39. Okay. Let’s say the intent of an act is to create public dissatisfaction with the way a war is being waged, so the government will give up and take its troops home … but not out of fear but because of disillusionment.

    Comment by DRJ — 11/15/2009 @ 7:50 pm

  40. If the intention of an act was to spur “disillusionment”, I’d have a hard time calling it terrorism.

    Comment by Leviticus — 11/15/2009 @ 7:58 pm

  41. But isn’t that what happened in Vietnam and Iraq? The growing list of American casualties didn’t cause fear in the general American population — we weren’t threatened domestically — but Americans became disillusioned and demoralized as the war progressed. I view that as both a war strategy (to inflict casualties on the troops and impair their ability to complete their mission) and a terrorism strategy (to demoralize the population at home).

    Comment by DRJ — 11/15/2009 @ 10:01 pm

  42. And it’s hard for me to see bombings directed at American troops in Iraq as “terrorism”. As ignorant and evil as I believe the motives behind such attacks to be, I cannot really call them “terrorist” attacks because I do not believe they’re intended to cause fear in any given populace.

    Comment by Leviticus — 11/15/2009 @ 10:47 pm

  43. I mean, I don’t particularly like the analogy, but would you call the tactics of the French (or Polish) Resistance “terrorist” tactics if they were merely designed to get the Germans out of France (or Poland)?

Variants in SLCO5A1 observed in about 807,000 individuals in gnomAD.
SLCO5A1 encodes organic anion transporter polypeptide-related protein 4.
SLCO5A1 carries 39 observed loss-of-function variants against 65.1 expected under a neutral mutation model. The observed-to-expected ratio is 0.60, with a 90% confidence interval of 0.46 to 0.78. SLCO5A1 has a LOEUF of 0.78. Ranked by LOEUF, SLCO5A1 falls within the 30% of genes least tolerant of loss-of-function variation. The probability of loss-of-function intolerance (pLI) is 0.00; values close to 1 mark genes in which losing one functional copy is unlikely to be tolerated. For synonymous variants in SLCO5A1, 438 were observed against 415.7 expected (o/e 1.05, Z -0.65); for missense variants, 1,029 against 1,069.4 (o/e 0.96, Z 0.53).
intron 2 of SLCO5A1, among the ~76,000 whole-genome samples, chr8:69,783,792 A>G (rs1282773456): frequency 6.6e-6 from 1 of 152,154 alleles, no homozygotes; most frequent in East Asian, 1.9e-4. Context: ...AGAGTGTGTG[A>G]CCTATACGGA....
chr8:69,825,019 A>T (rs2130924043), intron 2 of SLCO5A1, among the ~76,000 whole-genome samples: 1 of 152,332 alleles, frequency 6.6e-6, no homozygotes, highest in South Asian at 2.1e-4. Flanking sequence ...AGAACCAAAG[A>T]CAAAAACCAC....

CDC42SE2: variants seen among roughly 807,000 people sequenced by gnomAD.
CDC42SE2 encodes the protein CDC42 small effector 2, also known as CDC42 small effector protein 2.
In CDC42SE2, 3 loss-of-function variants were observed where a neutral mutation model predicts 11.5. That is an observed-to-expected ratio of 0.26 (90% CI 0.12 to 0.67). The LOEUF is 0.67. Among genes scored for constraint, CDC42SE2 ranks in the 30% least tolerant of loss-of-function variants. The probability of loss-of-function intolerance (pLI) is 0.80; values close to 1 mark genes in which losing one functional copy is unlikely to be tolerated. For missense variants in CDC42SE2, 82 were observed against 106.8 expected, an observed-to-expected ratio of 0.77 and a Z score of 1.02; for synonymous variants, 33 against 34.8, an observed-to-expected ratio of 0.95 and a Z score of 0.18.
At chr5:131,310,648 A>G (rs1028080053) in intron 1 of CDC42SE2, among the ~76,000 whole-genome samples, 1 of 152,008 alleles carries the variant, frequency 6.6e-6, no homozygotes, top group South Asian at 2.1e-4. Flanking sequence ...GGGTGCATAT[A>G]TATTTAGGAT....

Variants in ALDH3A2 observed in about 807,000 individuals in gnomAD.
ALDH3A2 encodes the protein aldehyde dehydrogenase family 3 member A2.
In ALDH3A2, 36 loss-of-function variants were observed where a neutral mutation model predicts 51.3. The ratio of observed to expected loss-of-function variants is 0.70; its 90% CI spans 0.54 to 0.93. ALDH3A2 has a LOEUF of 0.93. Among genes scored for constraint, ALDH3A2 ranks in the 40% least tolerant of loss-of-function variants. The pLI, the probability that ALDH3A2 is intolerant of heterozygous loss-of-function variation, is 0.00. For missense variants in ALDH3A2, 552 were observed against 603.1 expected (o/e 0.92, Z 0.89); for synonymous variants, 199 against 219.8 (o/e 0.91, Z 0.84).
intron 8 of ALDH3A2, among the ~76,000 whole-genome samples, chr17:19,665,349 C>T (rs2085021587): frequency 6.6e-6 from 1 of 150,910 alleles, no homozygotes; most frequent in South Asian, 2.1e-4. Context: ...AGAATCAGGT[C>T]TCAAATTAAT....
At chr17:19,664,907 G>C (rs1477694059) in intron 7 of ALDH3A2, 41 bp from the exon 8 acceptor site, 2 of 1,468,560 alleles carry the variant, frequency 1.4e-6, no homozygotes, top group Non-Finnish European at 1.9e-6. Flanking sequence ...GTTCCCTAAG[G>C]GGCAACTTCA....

Comment by Leviticus — 11/15/2009 @ 10:49 pm

  44. So, Leviticus, if someone goes into a Democrat office and shoots up the place yelling “God is Great”, that isn’t terrorism?

    Comment by PCD — 11/16/2009 @ 6:58 am

  45. In my eyes, it depends on the person’s intention.

    And why should it matter whether it’s the office of a Democrat or a Republican? A shooting is terrible regardless of partisanship, PCD, and no place to play politics. I’m shocked you don’t realize that. You should really step back and evaluate your priorities.

    Comment by Leviticus — 11/16/2009 @ 10:37 am

  46. Leviticus,

    I don’t think my examples are terrorism, either, but you’re the one who claims the test is subjective intent, so it’s your burden to explain what is and isn’t terrorism under your theory. You’ve stated that it’s only terrorism when the person intends to ’cause fear’ and that other intents — such as to demoralize or disillusion people — are not a basis for terrorism.

    Thus, under your theory, I don’t see how we can say people who burn luxury homes and cars are eco-terrorists. As I understand their intent, it’s not specifically to cause fear (they typically act during the night to target vacant homes and empty cars on car lots) but instead to demoralize builders and automobile dealers by causing severe economic loss. Since their intent was not to cause fear, they wouldn’t be terrorists by your standard, right?